To prove his prowess, Rangitoro cut off the arm and returned to Paeroa hiding it beneath the mat which made the pillow for him and his wife. Somehow he was unable to sleep and in the middle of the night repenting he woke Pareaute and told her of his terrible deed. At first she refused to believe him and to convince her he produced the arm of her dead brother from beneath the mat. In great grief she took the arm and without a word of farewell left her husband and as morning broke was at the crossing of Mangakite.

By nightfall she was in hiding waiting to cross the channel to her home at Matakana. According to the Ngaiterangi the bar the entrance to the Tauranga estuary is the worst in New Zealand. An old saying goes that it is possible for a man to withstand the dense smoke of a fire on land, but if he falls into the race when the spray and spume are flying high above the bar he will never come again to land. Likewise the current leading to the bar is one that most mortals would shun; but Pareaute was wise in the ways of her people. Casting a branch into the stream she waited and watched, in the darkness listening intently until it showed her that the tide had ceased to flow, and thrusting the arm wrapped in flax coverings into a cave beneath a rock and tying her clothes into a bundle, she plunged into the dead water and swimming the mile and more that separated her from her home made her way along the shores of the island. In the early light of morning the people living on the northern most end of the island, the Ngatitautiti, saw her and running caught her. When she told her terrible tale they took her along the beach to her own people. Great was their anger and manning three canoes with chosen warriors they set out bent on vengeance.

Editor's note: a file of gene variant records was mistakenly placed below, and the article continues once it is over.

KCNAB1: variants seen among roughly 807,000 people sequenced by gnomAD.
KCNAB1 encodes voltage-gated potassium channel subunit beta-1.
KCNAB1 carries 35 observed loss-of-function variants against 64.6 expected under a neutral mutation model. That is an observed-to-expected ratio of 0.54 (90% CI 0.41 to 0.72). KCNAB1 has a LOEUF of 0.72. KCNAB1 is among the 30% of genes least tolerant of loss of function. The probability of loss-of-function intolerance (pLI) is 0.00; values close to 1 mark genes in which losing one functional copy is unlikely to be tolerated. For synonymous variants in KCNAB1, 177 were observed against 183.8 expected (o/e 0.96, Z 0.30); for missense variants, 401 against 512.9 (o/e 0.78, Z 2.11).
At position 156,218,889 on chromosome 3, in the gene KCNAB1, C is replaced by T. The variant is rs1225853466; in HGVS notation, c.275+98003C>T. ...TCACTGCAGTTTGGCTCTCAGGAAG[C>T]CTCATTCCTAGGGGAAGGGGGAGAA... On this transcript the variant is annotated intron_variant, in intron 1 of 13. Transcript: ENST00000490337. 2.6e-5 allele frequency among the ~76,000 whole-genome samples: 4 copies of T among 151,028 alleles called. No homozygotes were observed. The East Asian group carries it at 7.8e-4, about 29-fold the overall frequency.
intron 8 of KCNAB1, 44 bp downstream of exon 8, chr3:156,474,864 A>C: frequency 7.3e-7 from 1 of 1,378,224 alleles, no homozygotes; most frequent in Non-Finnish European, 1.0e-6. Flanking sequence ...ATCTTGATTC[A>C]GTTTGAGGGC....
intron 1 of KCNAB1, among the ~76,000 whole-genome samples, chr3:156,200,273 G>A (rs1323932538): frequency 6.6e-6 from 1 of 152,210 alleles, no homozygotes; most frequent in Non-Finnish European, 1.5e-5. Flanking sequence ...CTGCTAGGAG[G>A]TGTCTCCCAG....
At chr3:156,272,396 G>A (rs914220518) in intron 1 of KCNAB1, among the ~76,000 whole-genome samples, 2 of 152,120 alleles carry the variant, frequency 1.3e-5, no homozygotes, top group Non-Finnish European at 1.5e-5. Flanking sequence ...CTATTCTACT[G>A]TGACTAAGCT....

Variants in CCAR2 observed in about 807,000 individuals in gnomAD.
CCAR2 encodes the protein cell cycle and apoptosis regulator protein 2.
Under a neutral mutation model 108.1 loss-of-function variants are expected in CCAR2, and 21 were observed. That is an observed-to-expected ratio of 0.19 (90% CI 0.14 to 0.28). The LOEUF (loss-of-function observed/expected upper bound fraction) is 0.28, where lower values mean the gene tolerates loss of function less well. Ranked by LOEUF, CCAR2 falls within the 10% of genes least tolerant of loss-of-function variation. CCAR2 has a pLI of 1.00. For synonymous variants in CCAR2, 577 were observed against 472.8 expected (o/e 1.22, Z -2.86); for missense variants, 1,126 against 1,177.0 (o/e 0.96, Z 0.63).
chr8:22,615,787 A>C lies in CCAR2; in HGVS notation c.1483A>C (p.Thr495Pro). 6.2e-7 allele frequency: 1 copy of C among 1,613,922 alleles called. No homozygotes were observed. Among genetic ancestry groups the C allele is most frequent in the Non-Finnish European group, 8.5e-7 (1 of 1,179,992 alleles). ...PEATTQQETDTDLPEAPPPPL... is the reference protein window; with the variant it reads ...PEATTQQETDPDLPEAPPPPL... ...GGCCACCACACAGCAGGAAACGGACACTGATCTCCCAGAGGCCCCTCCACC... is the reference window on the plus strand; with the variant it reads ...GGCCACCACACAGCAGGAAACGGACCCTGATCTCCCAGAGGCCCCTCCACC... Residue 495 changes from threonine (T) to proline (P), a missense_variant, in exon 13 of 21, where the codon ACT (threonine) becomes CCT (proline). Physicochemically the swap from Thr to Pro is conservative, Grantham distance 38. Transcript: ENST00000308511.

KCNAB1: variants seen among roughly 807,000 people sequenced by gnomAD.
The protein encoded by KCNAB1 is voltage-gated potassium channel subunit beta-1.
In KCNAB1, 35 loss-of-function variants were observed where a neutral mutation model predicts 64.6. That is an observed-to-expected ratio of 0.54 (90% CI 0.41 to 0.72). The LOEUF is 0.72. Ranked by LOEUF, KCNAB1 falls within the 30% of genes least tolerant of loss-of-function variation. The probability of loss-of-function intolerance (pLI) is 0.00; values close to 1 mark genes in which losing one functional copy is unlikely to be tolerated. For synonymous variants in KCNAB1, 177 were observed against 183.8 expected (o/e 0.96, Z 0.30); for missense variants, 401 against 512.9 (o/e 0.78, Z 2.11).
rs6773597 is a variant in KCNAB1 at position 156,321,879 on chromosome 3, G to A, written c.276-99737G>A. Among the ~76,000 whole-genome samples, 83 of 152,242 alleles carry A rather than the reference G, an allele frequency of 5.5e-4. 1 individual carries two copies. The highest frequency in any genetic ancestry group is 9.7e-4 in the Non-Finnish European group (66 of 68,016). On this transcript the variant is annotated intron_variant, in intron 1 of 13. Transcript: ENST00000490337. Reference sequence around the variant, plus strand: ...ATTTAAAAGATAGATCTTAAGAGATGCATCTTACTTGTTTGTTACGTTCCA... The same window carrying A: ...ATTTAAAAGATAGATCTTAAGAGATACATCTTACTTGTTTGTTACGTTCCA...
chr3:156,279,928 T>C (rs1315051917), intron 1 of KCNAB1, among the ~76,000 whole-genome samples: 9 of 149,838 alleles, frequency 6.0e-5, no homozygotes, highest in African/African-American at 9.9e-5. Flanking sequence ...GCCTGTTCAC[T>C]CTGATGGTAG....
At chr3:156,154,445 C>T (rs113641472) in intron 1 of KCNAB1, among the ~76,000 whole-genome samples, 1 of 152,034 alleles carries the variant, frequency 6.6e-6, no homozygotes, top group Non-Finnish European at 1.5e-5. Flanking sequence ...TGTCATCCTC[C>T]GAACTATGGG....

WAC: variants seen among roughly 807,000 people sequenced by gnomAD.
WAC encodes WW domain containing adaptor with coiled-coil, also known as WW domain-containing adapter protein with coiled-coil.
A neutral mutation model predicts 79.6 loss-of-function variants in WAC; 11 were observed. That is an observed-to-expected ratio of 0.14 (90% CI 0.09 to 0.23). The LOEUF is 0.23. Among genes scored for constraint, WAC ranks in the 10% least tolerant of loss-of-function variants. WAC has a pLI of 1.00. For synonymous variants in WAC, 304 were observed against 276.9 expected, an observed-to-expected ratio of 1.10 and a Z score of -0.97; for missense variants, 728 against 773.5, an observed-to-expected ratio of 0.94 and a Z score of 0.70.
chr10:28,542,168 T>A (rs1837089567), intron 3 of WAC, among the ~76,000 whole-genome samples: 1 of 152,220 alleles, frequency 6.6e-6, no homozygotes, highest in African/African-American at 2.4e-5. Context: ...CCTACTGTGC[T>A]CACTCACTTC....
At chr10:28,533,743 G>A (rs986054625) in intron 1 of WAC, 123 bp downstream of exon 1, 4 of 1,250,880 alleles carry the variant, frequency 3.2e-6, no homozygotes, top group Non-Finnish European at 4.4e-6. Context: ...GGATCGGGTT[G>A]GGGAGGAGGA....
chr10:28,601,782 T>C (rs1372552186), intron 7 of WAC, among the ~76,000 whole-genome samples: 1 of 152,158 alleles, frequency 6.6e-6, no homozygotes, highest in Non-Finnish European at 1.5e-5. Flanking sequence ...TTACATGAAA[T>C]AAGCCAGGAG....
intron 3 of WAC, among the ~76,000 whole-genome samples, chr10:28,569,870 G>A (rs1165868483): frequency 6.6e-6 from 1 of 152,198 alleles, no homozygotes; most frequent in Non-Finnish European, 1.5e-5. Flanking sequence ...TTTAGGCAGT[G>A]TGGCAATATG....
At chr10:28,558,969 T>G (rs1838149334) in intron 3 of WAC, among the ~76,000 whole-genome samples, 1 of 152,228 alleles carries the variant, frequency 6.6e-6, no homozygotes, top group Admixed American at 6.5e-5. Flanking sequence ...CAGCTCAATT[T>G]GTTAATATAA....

Coming to the cave they found that the arm had been gnawed by rats. "Kati Kati" they exclaimed. "The rats have eaten it" and the rock can be seen to this day.

Quickly they debated. Should they continue on their way to Paeroa? No! The steersman lifted his eyes and pointed. There on the heights of Kuramia were the relations of the Paeroa people all unprepared, and storming the hillside they were soon engaged in mortal combat. The tide of battle ebbed and flowed. Their only spring was at a little cove on the estuary now known as the Shelly Beach, and to that spring the Kuramia fell back fighting for their lives. Terrible was the vengeance of the Ngaiterangi that day. Autororo was killed, Nikorima was slain and Tawhiti and many others, but killing was not enough for these blood-thirsty savages.

Their honour had been touched. The wrong done to their family still burned hot within then. They saw still the hand eaten by rats.

Even as Hutororo fell they dismembered his body and without waiting for the umus to be kindled ate his warm, still moving flesh. One last insult they heaped upon him, one last shame. His entrails! The entrails of the chief of a hundred battles they flung upon a great flat upstanding rock for all to see, Entrails! Whiwhi! And so that the place should be forever known, they added "Ota".

The rock still stands a flat upstanding rock and the home of our children is at Otawhiwhi; the home of Bertha and Joe whose real name is Tangiteruru; of Isaac written 'Isiac' in the Maori way; of Kuti, a little flea; of Josephine, of whom the children say, "She is a dear little thing"; of Gilbert, dear shy Gilbert, who holds his coat up to cover his face as he so softly says his recitation; of Eliza and Kararaina, surnamed Hone Heke. They all live at Otawhiwhi.

The Name Waihi

A man came having walked all the way from Paikea, the old name for Coromandel and reached the creek which, rising on the slopes of Oeopu, runs through the village. A storm had silted up its bed but he was very thirsty. Scratching a small hole with his fingers some muddy water collected. Seizing a dry whauwhau stick, the pith of which had decayed leaving a clean hole, he stuck it into the shallow depression and drinking through it as the pakeha now drinks through a straw called the place "Waihi", (rising water).